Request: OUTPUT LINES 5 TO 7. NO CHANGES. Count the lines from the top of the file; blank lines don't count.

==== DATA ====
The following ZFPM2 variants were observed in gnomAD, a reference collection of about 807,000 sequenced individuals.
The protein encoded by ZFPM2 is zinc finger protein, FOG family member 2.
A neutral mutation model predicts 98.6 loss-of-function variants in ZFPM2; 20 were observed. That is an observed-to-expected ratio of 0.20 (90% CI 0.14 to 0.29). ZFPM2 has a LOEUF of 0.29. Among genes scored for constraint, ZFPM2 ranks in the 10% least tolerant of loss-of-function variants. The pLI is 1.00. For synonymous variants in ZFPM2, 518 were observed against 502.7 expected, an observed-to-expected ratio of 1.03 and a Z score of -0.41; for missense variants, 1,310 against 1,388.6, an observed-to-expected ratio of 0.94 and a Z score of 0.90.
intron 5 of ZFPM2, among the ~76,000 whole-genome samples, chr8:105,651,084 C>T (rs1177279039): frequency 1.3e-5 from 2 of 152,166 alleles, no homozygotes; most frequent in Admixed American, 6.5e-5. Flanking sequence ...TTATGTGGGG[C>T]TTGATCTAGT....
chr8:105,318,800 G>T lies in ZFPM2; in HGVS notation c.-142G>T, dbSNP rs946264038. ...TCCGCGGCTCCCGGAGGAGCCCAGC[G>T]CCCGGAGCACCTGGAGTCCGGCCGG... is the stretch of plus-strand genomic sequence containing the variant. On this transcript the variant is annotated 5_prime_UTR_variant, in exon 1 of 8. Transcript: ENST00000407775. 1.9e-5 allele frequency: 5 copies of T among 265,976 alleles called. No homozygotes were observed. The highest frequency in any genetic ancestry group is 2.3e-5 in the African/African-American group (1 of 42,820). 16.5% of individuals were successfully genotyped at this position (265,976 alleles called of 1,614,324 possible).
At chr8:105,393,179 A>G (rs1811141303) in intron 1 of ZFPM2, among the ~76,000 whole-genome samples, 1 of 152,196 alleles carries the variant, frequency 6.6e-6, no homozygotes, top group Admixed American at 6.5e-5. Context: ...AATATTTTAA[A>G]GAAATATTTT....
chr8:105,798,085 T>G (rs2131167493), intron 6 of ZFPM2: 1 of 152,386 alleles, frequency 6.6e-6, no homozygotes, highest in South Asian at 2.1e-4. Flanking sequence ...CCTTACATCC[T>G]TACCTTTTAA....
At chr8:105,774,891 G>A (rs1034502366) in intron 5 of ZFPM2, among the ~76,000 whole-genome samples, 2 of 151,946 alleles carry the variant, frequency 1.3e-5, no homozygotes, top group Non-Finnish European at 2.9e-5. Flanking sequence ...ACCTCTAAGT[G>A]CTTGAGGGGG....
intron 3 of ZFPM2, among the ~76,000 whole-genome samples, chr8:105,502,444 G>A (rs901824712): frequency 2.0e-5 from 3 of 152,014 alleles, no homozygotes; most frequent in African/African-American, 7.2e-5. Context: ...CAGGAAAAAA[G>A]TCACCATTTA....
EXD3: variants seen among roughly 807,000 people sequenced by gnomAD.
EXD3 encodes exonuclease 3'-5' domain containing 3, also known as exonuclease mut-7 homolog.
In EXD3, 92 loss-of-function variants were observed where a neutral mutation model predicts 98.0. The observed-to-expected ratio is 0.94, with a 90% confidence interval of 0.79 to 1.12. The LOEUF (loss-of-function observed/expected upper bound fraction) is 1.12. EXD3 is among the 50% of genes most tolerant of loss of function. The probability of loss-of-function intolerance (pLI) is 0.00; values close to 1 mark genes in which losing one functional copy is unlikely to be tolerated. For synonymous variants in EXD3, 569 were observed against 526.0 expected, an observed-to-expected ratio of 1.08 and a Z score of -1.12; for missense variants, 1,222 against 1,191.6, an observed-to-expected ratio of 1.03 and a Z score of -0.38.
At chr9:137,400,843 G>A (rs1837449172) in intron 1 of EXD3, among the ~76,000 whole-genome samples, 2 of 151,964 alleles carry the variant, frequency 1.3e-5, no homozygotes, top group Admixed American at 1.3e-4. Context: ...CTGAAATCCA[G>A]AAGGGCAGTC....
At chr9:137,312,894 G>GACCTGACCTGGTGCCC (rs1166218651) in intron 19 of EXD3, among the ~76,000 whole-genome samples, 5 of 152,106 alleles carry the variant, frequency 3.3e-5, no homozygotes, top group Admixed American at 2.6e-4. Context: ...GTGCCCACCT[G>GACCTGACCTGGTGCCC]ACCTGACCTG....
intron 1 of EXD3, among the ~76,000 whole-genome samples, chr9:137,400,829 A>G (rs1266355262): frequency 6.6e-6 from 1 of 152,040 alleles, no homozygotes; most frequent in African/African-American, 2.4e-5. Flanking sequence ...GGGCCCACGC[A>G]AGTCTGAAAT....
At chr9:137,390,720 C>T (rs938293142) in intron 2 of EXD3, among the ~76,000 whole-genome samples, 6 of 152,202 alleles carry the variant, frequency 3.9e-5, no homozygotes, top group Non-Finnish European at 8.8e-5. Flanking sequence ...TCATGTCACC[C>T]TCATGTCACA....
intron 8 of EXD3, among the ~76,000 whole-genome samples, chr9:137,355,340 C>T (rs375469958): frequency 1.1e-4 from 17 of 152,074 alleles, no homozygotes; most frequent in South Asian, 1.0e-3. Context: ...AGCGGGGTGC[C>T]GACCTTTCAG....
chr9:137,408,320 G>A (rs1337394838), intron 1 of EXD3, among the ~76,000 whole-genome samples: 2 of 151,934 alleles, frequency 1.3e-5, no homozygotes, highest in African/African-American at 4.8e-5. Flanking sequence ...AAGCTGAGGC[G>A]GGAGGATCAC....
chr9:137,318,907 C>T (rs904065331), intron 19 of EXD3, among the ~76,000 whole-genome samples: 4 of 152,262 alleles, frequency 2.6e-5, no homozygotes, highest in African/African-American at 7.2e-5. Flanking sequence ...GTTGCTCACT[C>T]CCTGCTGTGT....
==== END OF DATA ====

chr8:105,318,800 G>T lies in ZFPM2; in HGVS notation c.-142G>T, dbSNP rs946264038. ...TCCGCGGCTCCCGGAGGAGCCCAGC[G>T]CCCGGAGCACCTGGAGTCCGGCCGG... is the stretch of plus-strand genomic sequence containing the variant. On this transcript the variant is annotated 5_prime_UTR_variant, in exon 1 of 8. Transcript: ENST00000407775. 1.9e-5 allele frequency: 5 copies of T among 265,976 alleles called. No homozygotes were observed. The highest frequency in any genetic ancestry group is 2.3e-5 in the African/African-American group (1 of 42,820). 16.5% of individuals were successfully genotyped at this position (265,976 alleles called of 1,614,324 possible).
At chr8:105,393,179 A>G (rs1811141303) in intron 1 of ZFPM2, among the ~76,000 whole-genome samples, 1 of 152,196 alleles carries the variant, frequency 6.6e-6, no homozygotes, top group Admixed American at 6.5e-5. Context: ...AATATTTTAA[A>G]GAAATATTTT....
chr8:105,798,085 T>G (rs2131167493), intron 6 of ZFPM2: 1 of 152,386 alleles, frequency 6.6e-6, no homozygotes, highest in South Asian at 2.1e-4. Flanking sequence ...CCTTACATCC[T>G]TACCTTTTAA....